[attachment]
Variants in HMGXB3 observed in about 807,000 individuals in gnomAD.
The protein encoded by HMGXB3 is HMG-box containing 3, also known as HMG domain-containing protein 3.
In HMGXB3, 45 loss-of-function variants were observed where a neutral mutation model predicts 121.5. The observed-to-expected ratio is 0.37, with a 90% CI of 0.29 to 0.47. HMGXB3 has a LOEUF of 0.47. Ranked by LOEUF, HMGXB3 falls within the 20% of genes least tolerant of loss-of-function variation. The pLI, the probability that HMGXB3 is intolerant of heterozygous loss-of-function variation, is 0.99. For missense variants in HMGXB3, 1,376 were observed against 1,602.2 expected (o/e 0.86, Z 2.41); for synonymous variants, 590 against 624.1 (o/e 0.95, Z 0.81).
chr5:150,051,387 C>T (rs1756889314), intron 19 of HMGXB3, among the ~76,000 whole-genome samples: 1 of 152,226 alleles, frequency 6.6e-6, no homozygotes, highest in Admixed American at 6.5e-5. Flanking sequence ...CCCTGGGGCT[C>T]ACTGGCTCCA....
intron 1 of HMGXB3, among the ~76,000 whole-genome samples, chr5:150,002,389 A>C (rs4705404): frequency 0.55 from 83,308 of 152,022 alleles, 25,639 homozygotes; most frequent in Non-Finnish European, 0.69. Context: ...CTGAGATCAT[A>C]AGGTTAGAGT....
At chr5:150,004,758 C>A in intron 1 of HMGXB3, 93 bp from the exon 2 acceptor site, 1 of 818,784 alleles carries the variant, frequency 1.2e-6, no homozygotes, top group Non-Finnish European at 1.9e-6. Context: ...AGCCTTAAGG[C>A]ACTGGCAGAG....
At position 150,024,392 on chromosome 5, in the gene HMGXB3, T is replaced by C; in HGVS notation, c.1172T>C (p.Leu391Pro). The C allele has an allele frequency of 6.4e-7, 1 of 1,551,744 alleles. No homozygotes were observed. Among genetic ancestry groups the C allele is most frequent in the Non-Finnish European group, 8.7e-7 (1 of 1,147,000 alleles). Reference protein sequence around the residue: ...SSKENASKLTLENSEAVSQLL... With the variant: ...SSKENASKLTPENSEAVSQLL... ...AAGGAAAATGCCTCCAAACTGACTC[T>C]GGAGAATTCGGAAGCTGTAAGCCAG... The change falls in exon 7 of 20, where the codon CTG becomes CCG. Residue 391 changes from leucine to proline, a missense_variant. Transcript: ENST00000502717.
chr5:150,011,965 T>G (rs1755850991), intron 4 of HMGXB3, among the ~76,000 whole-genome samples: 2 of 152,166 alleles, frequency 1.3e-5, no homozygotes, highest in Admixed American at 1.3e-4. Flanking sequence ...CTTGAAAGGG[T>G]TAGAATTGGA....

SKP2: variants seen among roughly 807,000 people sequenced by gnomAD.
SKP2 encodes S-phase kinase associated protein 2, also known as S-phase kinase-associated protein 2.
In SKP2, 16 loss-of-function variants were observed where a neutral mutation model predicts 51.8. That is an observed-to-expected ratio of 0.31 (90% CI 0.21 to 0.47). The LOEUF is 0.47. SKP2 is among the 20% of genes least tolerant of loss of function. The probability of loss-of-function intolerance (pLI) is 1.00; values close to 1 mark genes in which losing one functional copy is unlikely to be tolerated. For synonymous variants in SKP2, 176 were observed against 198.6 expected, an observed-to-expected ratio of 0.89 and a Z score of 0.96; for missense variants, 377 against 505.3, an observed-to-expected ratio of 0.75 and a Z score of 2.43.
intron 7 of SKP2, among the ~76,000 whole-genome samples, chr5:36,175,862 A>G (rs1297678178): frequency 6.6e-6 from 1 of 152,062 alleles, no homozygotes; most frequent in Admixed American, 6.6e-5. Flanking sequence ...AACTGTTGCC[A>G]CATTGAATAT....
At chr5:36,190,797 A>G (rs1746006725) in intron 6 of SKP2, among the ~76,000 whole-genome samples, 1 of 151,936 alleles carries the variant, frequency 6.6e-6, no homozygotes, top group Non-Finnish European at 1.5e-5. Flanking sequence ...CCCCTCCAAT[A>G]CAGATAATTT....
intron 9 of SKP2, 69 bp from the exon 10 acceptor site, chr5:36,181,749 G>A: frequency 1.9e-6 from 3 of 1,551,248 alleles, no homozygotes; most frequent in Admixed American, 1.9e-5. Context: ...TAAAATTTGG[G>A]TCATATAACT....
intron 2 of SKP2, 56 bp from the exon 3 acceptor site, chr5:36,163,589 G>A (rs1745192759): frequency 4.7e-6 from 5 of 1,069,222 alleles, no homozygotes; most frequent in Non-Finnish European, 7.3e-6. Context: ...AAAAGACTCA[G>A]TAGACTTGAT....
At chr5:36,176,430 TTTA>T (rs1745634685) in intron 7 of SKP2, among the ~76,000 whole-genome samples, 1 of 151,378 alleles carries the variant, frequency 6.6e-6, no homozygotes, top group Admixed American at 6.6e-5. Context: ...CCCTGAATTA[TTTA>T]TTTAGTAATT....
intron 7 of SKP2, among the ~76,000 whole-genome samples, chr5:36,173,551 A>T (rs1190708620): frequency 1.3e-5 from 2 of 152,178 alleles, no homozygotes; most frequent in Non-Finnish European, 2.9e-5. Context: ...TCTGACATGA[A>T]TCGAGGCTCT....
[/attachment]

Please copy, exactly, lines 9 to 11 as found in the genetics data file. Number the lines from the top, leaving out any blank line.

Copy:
SKP2: variants seen among roughly 807,000 people sequenced by gnomAD.
SKP2 encodes S-phase kinase associated protein 2, also known as S-phase kinase-associated protein 2.
In SKP2, 16 loss-of-function variants were observed where a neutral mutation model predicts 51.8. That is an observed-to-expected ratio of 0.31 (90% CI 0.21 to 0.47). The LOEUF is 0.47. SKP2 is among the 20% of genes least tolerant of loss of function. The probability of loss-of-function intolerance (pLI) is 1.00; values close to 1 mark genes in which losing one functional copy is unlikely to be tolerated. For synonymous variants in SKP2, 176 were observed against 198.6 expected, an observed-to-expected ratio of 0.89 and a Z score of 0.96; for missense variants, 377 against 505.3, an observed-to-expected ratio of 0.75 and a Z score of 2.43.